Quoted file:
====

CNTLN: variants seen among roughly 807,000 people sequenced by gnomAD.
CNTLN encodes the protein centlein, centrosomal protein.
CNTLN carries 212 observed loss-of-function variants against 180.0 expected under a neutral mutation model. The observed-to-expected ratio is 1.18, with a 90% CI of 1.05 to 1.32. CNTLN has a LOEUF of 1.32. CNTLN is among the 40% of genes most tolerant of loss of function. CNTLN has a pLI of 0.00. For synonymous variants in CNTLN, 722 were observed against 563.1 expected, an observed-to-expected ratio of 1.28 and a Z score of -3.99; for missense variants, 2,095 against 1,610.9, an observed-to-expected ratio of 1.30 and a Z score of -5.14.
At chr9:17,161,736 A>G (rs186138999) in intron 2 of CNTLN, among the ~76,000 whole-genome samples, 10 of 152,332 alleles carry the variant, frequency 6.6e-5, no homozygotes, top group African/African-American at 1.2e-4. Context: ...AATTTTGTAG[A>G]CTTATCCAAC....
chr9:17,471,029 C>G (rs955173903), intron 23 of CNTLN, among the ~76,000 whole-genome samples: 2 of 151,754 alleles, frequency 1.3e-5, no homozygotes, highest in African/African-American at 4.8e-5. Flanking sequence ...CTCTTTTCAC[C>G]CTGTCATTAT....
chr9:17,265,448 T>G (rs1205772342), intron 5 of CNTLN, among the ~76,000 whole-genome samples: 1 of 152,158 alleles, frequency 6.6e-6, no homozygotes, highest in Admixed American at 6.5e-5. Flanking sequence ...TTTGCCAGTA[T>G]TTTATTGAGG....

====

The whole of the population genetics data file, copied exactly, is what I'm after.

CNTLN: variants seen among roughly 807,000 people sequenced by gnomAD.
CNTLN encodes the protein centlein, centrosomal protein.
CNTLN carries 212 observed loss-of-function variants against 180.0 expected under a neutral mutation model. The observed-to-expected ratio is 1.18, with a 90% CI of 1.05 to 1.32. CNTLN has a LOEUF of 1.32. CNTLN is among the 40% of genes most tolerant of loss of function. CNTLN has a pLI of 0.00. For synonymous variants in CNTLN, 722 were observed against 563.1 expected, an observed-to-expected ratio of 1.28 and a Z score of -3.99; for missense variants, 2,095 against 1,610.9, an observed-to-expected ratio of 1.30 and a Z score of -5.14.
At chr9:17,161,736 A>G (rs186138999) in intron 2 of CNTLN, among the ~76,000 whole-genome samples, 10 of 152,332 alleles carry the variant, frequency 6.6e-5, no homozygotes, top group African/African-American at 1.2e-4. Context: ...AATTTTGTAG[A>G]CTTATCCAAC....
chr9:17,471,029 C>G (rs955173903), intron 23 of CNTLN, among the ~76,000 whole-genome samples: 2 of 151,754 alleles, frequency 1.3e-5, no homozygotes, highest in African/African-American at 4.8e-5. Flanking sequence ...CTCTTTTCAC[C>G]CTGTCATTAT....
chr9:17,265,448 T>G (rs1205772342), intron 5 of CNTLN, among the ~76,000 whole-genome samples: 1 of 152,158 alleles, frequency 6.6e-6, no homozygotes, highest in Admixed American at 6.5e-5. Flanking sequence ...TTTGCCAGTA[T>G]TTTATTGAGG....